Was this a bad thing? I came across an interesting TED talk this week, where Mike Rowe laments the way manual work has been demeaned in today’s society. I could argue the same for many white collar jobs too. There’s a cliche that “Nobody on their deathbed ever stated ‘I wish I’d spent more time at the office’”, but in my retirement I found myself thinking that I wished I could spend at least SOME more of my time in the office! “You don’t know what you’ve got ‘til it’s gone” – another cliche that has an element of truth to it, but that’s not the whole truth either.

So yes, I’ve had a quiet week at work and I’ve found it tough, but it has not been as tough as having a quiet week at home. That’s one of the things I discovered in my early retirement and, for the moment, is something that that I’m happy to have rectified through finding a job.

17 thoughts on “Working (for a) Living

  1. Hello Jim, first time commenter here and just want to say how very much I’ve enjoyed your blog since stumbling across it earlier this year.

    At 54 yrs old I have been lucky (skilled?) enough to have reached FI earlier this year and up until recently was dead set on retiring in May this year upon reaching my FI goal. However, a combination of the advice of my wife, my best mate and your blog has made me reevaluate. So I decided to ask my employer to go part-time, by way as a gentle introduction into early retirement. Amazingly enough they said yes and from July 3 I will be working 50% of my current hours. So thank you for your sage advice on how it might not be as easy adjusting into retirement as we dream about!

    I’m sure working less hours and at a reduced level will help but as I basically will be doing the same job I’m wondering if the same jadedness with the job, systems and dickhead managers will make it just as wearisome for the 2.5 days I will be there. I guess we’ll see and at least I have got some enthusiasm back for the foreseeable future.

    Anyway, to your post. Yes I agree that having not enough to do can be as stressful as having too much. I am lucky that in my job in Research I can just think of an new idea to pursue and go and do it when things get slack. Presumably you have a job which is driven by clients tasks and if they run out you are stuck?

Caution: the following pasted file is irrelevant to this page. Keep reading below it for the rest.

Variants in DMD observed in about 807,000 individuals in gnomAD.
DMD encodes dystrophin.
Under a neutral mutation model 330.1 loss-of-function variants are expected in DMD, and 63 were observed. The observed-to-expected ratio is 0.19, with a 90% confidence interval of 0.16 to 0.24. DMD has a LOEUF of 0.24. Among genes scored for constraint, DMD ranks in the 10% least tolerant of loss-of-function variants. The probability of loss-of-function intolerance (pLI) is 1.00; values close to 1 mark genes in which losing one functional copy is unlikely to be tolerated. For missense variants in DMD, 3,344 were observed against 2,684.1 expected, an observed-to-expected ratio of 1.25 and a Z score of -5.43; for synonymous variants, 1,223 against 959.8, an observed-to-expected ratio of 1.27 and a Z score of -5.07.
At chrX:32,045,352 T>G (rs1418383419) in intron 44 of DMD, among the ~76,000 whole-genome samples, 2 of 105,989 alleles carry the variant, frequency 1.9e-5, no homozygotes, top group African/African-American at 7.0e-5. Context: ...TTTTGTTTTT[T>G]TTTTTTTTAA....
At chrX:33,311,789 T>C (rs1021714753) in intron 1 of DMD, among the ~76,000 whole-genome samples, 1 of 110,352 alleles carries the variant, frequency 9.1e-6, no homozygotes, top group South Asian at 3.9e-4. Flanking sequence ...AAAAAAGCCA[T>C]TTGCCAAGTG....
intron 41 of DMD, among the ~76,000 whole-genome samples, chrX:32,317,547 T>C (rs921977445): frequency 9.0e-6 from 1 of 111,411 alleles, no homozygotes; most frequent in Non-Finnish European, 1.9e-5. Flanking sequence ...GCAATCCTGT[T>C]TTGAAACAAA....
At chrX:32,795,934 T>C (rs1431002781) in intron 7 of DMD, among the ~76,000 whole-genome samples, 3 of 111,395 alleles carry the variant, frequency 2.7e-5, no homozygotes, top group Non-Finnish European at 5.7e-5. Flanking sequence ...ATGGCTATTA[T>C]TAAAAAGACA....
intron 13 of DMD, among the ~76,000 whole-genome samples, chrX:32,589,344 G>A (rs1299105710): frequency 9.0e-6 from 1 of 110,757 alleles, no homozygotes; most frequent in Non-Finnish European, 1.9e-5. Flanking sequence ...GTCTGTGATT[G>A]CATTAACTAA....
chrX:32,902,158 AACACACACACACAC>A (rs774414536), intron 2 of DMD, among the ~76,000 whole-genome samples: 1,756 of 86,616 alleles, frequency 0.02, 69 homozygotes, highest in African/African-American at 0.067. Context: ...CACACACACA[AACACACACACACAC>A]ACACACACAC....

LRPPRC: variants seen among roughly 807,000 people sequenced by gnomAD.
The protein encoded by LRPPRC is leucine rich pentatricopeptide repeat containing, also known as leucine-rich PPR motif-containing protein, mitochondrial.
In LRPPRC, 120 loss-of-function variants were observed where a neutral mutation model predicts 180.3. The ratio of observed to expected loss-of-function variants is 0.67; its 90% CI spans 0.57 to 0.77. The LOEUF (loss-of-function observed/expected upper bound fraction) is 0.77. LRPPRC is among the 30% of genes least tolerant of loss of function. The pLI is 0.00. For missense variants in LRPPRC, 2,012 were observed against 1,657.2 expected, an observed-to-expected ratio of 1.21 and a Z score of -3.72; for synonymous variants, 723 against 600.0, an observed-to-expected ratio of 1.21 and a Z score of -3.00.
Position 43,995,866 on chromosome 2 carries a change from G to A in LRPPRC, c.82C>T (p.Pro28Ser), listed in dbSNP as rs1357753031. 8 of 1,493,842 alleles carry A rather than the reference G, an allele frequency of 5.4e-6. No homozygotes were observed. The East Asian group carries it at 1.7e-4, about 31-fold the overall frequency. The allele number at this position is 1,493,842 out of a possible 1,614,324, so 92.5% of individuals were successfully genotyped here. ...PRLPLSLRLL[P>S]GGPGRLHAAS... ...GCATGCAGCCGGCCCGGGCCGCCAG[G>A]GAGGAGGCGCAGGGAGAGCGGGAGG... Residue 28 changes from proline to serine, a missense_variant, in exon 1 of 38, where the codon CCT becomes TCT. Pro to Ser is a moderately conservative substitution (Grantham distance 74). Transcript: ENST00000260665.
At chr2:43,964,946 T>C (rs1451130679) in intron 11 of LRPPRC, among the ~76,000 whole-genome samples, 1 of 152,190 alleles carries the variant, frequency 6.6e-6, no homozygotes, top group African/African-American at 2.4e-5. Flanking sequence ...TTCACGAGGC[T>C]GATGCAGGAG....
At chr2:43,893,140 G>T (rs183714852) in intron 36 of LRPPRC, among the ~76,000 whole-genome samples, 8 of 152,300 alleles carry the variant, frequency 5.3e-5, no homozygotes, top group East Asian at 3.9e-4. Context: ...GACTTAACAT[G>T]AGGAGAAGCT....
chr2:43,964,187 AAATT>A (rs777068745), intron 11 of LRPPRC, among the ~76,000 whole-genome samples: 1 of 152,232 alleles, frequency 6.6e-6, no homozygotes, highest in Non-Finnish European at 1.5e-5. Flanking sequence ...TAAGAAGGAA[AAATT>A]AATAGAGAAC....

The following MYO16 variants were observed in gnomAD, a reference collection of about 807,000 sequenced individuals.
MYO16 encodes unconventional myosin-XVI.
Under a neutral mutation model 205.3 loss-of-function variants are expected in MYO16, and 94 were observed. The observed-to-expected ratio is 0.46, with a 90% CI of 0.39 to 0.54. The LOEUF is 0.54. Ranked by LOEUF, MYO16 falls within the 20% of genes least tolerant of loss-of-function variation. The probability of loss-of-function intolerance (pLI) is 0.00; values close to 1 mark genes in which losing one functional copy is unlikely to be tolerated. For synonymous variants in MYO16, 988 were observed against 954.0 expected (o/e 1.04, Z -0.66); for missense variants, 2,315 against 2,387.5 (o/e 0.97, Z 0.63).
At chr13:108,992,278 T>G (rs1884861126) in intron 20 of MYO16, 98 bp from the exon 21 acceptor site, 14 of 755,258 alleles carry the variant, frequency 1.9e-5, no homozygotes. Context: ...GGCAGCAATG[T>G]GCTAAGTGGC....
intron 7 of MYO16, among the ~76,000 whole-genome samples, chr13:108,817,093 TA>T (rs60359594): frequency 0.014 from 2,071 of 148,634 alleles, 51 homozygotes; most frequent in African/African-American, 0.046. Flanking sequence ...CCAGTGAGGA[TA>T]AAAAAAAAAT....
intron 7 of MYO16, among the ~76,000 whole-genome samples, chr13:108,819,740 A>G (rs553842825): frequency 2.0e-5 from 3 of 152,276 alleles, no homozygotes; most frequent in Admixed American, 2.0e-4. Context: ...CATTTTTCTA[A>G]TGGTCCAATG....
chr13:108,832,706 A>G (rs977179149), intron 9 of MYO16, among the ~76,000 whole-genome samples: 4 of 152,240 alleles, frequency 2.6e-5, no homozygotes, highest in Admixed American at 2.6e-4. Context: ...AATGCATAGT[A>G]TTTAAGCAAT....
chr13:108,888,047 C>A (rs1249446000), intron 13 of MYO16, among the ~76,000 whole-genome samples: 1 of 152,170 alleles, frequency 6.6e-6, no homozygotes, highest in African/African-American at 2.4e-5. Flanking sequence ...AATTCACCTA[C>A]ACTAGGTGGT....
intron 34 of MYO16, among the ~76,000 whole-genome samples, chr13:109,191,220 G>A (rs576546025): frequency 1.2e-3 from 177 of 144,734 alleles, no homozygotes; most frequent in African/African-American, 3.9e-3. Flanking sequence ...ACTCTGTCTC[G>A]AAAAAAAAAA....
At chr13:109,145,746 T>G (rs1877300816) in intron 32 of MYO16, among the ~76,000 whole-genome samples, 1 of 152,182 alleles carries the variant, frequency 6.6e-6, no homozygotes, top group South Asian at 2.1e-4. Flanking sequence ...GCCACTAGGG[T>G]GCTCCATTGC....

Anyway thanks again for the great blog, I’ve backread all your episodes and keep it going.

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  2. Well, I’m nothing like your majority of FIRE adherents.

    I can procrastinate for Britain. I procrastinate so widely and so deeply, that it is during my procrastination in which I actually achieve my goals more often than not. Almost by chance, my procrastination will occasionally bring forward a nugget of useful work. And that is my process..

    This will seem a bit rude, but I’ll throw it out there anyway.. Your ‘retired’ past-times seem very superficial. No wonder you were bored?

    Did you read that Ermine post a while back about ‘serious’ leisure. I think that could be relevant to your predicament?

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  3. Yeah I think Jim has touched on this topic a few times in the past already. For some of us who reach FI, what we’re doing next is pretty entrepreneurial, constructive, etc… but Jim has attempted a few of those things (e.g. helping a charity) and hasn’t found any of them particularly interesting if I remember correctly.

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  4. Jim, what is it about your activities at work that create meaning for you as opposed to your ‘retired’ activities that felt relatively meaningless? Is it the fact that you are paid that creates the meaning?